The US Food and Drug Administration (FDA) has granted commercial clearance for Relaxis, a non-pharmacological approach to help improve the quality of sleep in patients with primary restless leg syndrome (RLS). The device was created by Sensory Medical Inc, headquartered in San Clemente, Calif.

“Our company was founded solely to find new alternatives for treating RLS, and we are pleased to be the first and only company to have a non-pharmacological approach, clinically proven and FDA cleared, to improve sleep by addressing symptoms of this devastating condition,” says Fred Burbank, MD, Sensory Medical’s CEO and an RLS sufferer himself, in a release.

To alleviate RLS symptoms, medication therapy is often prescribed, including dopaminergic agents used to treat Parkinson’s disease, anti-convulsants, narcotic opioids, and muscle relaxants and sleep medications such as benzodiazepines. Unfortunately, some of these medications present the risk of dependence or addiction, and are considered inappropriate for certain RLS sufferers, including pregnant women and dialysis patients. NINDS reports that some drugs also have been found to actually worsen patients’ RLS symptoms over time, despite initially providing relief.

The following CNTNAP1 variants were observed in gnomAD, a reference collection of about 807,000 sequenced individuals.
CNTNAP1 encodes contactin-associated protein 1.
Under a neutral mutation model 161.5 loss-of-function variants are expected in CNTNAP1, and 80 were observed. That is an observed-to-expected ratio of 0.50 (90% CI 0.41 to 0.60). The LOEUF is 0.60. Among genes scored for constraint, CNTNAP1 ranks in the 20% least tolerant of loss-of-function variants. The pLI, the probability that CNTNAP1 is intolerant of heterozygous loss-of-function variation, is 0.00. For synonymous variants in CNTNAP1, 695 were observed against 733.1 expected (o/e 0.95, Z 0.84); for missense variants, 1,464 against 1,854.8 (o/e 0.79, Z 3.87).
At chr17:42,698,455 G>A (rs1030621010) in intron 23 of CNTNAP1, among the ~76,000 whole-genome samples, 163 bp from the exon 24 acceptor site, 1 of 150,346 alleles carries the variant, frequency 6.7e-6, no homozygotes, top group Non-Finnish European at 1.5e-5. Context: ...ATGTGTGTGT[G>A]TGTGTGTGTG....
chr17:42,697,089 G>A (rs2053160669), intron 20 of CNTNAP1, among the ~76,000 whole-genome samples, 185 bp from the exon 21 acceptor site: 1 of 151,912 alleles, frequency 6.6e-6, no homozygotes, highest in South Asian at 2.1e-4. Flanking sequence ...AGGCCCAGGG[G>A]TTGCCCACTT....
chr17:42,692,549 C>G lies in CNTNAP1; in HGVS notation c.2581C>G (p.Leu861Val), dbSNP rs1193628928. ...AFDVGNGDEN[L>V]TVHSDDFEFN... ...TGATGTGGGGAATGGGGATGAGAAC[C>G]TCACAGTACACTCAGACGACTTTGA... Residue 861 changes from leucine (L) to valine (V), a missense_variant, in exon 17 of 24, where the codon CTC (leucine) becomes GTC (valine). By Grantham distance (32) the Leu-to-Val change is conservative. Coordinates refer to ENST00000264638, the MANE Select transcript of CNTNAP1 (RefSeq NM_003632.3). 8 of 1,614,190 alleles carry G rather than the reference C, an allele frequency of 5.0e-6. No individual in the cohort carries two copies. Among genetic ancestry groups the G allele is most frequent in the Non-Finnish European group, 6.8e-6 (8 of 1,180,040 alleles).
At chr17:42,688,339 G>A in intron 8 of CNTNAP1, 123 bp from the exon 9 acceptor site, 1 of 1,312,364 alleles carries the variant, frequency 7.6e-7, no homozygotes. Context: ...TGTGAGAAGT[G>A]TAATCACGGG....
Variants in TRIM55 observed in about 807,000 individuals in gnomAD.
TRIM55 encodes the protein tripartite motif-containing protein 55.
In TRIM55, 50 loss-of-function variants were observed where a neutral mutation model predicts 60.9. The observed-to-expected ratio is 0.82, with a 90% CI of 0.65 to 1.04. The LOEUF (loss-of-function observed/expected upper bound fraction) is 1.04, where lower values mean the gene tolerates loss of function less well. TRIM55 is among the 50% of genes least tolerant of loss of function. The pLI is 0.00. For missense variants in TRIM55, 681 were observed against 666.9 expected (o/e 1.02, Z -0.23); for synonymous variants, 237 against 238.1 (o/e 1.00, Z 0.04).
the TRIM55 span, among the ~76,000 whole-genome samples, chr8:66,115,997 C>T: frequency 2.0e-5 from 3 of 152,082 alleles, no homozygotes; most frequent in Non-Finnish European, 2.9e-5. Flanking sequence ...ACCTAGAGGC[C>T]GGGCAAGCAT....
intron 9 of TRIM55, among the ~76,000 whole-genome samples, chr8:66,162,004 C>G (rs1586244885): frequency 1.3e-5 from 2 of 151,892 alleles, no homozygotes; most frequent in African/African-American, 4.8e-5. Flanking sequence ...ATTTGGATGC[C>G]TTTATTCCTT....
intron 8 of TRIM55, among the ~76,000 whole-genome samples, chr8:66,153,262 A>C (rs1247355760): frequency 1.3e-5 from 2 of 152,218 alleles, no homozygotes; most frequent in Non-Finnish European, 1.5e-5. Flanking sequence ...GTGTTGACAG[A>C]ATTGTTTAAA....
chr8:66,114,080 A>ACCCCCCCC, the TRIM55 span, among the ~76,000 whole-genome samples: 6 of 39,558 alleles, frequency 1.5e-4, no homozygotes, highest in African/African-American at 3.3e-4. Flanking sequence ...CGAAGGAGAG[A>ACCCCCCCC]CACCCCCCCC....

How Relaxis Works

The Relaxis device was designed to provide physical relief of RLS while enabling the patient to remain in bed. During an RLS episode, the patient places the low-profile Relaxis pad at the site of their discomfort and chooses a vibration intensity. The device provides 30 minutes of vibratory counterstimulation, gradually ramping down and shutting off without waking the patient.

Results from two randomized, multicenter, controlled, double-blinded, prospective clinical research studies published in a peer-reviewed journal article indicated that the Relaxis device was found superior to placebo pads for improving sleep quality in patients with primary RLS.

Sensory Medical Inc will be exhibiting the new Relaxis system in booth #1018 at SLEEP 2014 beginning June 2 at the Minneapolis Convention Center. It will be available on a prescription-only basis in the United States starting in the third quarter of 2014.